The World Baseball Classic gives stars the extra opportunity to perform at a national level, and a rare case to perform at an international level. Nothing is guaranteed. World No. 41 Israel upset No. 3 South Korea, No. 4 Chinese Taipei and No. 9 Netherlands, knocking the first two out of the tournament.
Having stars play in the WBC doesn't guarantee a Hollywood script. But there is a potential for a story that carries the same weight in New York as it does in LA. Bryce Harper could have put on a show for fans watching in Texas, Venezuela and Japan. Instead, his cuts will be constricted to Washington D.C. daytime TV and West Palm Beach spring breakers.
MLB made sure to organize the World Baseball Classic during spring training, when players have to play exhibitions anyway. In terms of injuries, whether a player gets hurt in the WBC or at spring training, they would be playing baseball, regardless. The WBC also adjusted its structure to allow pitchers to join the team in later rounds. If the U.S. reached the semifinals and finals at Dodger Stadium, look out for a Clayton Kershaw addition.
MLB players should look at the NBA as a template. Of the 23 American All-Stars this season, 17 played on an Olympic and/or FIBA World Cup team. Some of the others were cut from U.S. training camps.
The NBA has become a global entity and the players are recognized around the world. Look at Stephen Curry in Guangzhou last summer:
Or look at Kobe Bryant's 2015 Asia Tour:
— NBA (@NBA) August 3, 2015
Paul George suffered a compound fracture in a World Cup scrimmage in 2014. Yet, he made it a goal to come back and play in the 2016 Olympics, where he was Team USA's third-leading scorer. George then appeared on the cover of NBA 2K17 and Nike unveiled his first signature shoe. George's current Twitter profile picture features him holding his Rio gold medal. Don't think this all doesn't add up for a guy who would just be relying on the Indianapolis market without his international endeavors.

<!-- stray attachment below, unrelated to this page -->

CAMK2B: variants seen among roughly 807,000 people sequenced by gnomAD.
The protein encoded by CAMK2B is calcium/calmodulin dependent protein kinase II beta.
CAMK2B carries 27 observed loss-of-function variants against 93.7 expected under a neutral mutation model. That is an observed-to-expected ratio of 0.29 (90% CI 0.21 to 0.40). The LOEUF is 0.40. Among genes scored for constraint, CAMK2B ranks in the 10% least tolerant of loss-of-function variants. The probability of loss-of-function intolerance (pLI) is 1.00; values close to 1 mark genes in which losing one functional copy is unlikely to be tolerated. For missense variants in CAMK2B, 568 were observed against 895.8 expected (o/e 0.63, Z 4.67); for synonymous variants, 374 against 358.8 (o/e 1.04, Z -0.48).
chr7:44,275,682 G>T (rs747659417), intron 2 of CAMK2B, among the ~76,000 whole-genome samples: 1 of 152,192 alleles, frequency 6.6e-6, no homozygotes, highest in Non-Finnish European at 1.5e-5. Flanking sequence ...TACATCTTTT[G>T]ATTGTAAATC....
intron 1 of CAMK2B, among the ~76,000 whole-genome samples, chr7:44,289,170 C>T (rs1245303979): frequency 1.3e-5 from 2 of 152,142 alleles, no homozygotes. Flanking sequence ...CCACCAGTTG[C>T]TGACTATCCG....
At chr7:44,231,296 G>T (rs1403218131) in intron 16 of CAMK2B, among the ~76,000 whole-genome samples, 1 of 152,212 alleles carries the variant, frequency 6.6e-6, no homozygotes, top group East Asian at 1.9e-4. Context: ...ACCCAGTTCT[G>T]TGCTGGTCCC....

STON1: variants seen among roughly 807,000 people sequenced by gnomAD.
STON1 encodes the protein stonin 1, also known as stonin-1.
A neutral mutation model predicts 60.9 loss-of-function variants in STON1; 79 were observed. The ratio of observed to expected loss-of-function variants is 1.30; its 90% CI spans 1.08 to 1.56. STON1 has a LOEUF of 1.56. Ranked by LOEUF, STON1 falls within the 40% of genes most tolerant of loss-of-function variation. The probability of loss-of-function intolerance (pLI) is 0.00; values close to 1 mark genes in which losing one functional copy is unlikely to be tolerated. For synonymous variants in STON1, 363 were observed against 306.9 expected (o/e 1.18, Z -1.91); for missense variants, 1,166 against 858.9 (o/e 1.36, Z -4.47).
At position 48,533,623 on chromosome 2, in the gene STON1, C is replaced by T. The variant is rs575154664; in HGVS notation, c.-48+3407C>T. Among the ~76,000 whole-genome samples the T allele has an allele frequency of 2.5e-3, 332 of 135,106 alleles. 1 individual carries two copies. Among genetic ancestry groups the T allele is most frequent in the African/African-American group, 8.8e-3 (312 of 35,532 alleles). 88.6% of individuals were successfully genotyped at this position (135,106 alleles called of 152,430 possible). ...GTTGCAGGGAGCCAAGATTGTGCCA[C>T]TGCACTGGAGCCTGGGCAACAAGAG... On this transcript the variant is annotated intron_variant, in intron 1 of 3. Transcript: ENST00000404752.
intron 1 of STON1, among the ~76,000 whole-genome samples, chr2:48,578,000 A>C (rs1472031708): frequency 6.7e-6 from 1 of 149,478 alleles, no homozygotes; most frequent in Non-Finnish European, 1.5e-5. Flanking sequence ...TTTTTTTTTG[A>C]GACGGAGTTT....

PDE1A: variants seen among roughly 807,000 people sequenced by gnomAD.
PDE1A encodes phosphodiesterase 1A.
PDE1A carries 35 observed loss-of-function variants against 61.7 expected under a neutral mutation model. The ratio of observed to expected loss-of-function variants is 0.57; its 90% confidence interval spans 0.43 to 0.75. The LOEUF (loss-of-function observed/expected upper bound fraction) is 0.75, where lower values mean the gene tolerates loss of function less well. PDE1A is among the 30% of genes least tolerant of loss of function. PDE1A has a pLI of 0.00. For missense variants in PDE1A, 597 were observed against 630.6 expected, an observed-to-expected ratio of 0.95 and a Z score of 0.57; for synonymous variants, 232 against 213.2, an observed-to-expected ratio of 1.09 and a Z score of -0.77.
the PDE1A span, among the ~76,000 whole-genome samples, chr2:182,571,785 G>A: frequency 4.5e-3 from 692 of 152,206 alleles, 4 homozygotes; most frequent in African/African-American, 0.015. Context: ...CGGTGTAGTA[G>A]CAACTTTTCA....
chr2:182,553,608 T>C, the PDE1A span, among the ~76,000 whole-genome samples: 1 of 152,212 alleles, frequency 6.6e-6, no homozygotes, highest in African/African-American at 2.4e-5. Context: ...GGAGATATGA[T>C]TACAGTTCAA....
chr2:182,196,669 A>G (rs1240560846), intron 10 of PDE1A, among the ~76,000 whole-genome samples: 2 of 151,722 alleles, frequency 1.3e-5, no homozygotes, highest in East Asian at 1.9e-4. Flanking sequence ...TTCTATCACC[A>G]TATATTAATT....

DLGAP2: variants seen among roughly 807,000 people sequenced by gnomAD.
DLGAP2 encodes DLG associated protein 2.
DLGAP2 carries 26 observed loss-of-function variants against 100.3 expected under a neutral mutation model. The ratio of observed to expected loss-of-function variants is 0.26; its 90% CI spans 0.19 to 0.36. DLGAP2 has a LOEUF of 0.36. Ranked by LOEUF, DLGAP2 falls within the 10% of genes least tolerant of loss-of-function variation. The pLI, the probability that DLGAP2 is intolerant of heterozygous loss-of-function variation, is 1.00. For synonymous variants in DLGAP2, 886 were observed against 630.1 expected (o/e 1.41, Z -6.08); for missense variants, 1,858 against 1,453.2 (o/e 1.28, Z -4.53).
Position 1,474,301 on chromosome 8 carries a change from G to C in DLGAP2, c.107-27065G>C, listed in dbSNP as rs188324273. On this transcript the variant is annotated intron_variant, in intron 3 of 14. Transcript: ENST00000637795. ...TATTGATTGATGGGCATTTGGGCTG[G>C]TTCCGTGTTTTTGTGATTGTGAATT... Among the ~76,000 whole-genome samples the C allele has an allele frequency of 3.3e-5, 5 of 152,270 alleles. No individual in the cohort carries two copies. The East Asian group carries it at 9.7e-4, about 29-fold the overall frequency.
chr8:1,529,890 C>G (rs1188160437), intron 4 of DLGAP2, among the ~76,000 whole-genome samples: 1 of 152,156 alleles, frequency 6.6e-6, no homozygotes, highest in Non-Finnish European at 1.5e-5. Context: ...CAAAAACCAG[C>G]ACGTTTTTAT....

MLB was the driving force behind the creation of the World Baseball Classic in 2005 and it has been the main player sustaining the tournament in the ensuing decade. MLB wants the tournament. It adds another dimension to the league, assuming the players play. And MLB has done so much to cater to the American players' needs, starting the tournament after spring training is underway and keeping most North American and Caribbean teams in the Western Hemisphere.
If MLB players want to be divas about it, they are not only hurting the sport and the league, but they are hurting their own image. A 2015 ESPN poll showed of young Americans' 30 favorite sports figures, zero baseball players were on the list. The average ESPN audience for MLB is age 53. The average for the NBA is 37.
Times are changing and the World Baseball Classic is an extension of MLB. It's a chance to connect with younger viewers who are fine with players skipping a few spring training games to wear their nation's flag. It's a chance to connect with international viewers watching the game on their domestic TV channels.
But that opportunity is being wasted.
"Some time" may never come for Mike Trout. And he, and his fellow superstars, only have themselves to blame for that.